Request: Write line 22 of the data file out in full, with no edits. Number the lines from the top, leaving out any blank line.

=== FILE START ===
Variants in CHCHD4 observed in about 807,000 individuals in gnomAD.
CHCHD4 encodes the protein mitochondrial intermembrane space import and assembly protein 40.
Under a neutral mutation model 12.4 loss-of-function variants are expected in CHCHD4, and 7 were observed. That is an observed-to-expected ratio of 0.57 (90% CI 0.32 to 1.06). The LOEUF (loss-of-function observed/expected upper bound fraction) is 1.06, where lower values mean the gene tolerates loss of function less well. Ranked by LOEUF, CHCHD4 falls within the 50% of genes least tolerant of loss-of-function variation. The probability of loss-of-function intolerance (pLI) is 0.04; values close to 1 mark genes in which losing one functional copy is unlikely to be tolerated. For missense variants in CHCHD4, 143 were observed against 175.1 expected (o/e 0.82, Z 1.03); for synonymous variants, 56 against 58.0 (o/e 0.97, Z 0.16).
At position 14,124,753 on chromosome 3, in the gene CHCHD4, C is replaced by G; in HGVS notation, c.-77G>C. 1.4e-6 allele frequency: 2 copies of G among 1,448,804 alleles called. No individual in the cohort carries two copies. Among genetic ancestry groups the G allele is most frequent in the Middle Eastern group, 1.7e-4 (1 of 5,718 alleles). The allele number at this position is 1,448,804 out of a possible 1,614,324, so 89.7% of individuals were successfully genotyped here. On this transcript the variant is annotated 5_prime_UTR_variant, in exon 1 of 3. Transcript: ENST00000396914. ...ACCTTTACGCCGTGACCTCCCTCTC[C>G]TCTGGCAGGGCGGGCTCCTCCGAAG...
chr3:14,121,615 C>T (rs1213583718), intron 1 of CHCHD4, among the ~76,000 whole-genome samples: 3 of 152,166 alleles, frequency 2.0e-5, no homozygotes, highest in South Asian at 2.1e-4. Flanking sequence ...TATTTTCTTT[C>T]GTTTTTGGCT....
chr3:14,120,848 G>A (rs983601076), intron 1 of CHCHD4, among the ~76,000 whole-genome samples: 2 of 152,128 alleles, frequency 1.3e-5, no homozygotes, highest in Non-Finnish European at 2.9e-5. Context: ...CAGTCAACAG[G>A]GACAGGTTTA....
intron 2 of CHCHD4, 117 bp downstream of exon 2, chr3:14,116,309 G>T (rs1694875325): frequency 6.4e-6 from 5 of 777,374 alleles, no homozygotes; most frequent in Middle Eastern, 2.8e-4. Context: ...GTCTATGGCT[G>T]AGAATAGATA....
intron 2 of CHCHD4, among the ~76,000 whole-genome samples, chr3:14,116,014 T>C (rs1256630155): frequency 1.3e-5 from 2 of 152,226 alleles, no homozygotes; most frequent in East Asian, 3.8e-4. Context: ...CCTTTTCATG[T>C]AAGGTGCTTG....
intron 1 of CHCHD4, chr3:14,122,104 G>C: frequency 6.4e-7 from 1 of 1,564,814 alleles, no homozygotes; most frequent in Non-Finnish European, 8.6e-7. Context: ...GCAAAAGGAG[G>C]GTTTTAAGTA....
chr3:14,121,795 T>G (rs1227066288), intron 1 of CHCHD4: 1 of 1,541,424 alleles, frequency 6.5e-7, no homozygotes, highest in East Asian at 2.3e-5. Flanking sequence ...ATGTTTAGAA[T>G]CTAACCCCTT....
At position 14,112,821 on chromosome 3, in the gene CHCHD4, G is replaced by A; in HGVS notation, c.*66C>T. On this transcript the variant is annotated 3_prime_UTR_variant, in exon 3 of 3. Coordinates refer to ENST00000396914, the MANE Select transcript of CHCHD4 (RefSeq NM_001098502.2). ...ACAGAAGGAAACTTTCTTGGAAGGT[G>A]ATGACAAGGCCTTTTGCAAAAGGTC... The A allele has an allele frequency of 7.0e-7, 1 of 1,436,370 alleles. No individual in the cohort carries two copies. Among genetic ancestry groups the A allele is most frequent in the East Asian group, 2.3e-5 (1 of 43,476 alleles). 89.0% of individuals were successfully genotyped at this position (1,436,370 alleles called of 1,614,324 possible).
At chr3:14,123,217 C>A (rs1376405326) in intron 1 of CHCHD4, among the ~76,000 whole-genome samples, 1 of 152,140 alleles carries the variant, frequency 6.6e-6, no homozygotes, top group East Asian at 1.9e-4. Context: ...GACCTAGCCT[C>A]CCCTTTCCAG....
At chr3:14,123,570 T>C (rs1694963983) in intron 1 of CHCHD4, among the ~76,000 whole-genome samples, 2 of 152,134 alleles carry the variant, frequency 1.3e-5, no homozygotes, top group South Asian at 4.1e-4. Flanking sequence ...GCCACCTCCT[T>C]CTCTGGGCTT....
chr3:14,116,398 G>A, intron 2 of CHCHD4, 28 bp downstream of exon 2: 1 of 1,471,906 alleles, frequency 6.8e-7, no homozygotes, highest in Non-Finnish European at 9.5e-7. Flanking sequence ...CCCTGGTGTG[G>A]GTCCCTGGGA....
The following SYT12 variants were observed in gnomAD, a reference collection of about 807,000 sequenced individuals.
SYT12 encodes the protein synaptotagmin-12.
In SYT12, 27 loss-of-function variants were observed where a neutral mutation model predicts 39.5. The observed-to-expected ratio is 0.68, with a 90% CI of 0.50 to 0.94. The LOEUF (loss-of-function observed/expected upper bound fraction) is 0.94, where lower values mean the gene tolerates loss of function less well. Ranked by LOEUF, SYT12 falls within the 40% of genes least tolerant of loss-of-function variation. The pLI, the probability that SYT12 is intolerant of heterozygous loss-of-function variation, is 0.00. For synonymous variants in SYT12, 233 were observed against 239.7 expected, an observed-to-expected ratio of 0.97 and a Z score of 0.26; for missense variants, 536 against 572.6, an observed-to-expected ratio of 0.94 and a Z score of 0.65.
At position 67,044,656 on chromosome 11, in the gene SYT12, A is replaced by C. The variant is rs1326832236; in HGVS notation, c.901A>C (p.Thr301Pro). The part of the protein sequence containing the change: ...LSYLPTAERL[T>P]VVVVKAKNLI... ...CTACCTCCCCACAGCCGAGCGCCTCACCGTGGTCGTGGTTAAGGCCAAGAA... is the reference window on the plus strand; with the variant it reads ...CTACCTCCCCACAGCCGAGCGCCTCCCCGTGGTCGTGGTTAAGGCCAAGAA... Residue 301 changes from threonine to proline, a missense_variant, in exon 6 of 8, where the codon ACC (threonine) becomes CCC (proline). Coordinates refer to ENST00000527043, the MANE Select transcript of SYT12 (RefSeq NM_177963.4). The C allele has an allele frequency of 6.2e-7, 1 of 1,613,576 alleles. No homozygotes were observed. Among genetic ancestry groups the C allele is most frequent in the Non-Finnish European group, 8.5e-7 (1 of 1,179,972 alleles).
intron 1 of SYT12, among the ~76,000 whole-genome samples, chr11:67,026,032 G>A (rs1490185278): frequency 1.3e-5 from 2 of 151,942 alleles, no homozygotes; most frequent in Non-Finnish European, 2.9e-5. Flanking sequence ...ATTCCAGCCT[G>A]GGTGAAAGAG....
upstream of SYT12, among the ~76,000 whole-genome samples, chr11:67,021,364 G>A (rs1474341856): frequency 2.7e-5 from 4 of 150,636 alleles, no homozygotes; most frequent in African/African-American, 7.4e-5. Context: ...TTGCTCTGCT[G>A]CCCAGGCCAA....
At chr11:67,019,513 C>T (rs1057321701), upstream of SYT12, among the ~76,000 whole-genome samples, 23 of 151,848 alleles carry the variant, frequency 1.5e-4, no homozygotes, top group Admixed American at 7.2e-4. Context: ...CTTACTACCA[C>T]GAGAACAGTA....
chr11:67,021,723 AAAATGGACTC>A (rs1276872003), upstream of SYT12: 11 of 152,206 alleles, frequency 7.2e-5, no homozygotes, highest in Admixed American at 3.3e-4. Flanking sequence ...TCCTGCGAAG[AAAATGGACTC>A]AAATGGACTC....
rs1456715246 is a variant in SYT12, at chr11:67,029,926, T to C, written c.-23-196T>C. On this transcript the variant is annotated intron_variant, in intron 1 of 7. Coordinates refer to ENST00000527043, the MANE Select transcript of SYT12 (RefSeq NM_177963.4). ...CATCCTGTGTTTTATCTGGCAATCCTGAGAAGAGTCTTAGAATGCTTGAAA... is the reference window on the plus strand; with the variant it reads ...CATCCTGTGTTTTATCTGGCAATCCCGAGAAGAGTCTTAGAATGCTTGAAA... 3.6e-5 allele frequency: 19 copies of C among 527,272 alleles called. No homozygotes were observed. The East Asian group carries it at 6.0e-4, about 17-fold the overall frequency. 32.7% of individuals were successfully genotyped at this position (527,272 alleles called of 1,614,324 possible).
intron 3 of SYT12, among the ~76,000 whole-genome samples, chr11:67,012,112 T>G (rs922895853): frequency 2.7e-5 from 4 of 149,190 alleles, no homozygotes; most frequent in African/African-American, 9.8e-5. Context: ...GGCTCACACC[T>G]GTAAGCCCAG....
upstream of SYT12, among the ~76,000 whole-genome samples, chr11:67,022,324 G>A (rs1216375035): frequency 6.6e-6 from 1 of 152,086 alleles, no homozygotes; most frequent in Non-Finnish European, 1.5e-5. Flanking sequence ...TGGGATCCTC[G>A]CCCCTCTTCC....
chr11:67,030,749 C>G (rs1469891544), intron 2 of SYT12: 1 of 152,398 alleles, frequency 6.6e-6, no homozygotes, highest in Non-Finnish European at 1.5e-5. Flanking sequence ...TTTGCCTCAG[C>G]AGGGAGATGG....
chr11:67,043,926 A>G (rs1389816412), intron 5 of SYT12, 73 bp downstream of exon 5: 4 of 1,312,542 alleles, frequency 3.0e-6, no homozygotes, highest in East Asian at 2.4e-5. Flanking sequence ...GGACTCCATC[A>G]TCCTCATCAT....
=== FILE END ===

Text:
chr11:67,021,723 AAAATGGACTC>A (rs1276872003), upstream of SYT12: 11 of 152,206 alleles, frequency 7.2e-5, no homozygotes, highest in Admixed American at 3.3e-4. Flanking sequence ...TCCTGCGAAG[AAAATGGACTC>A]AAATGGACTC....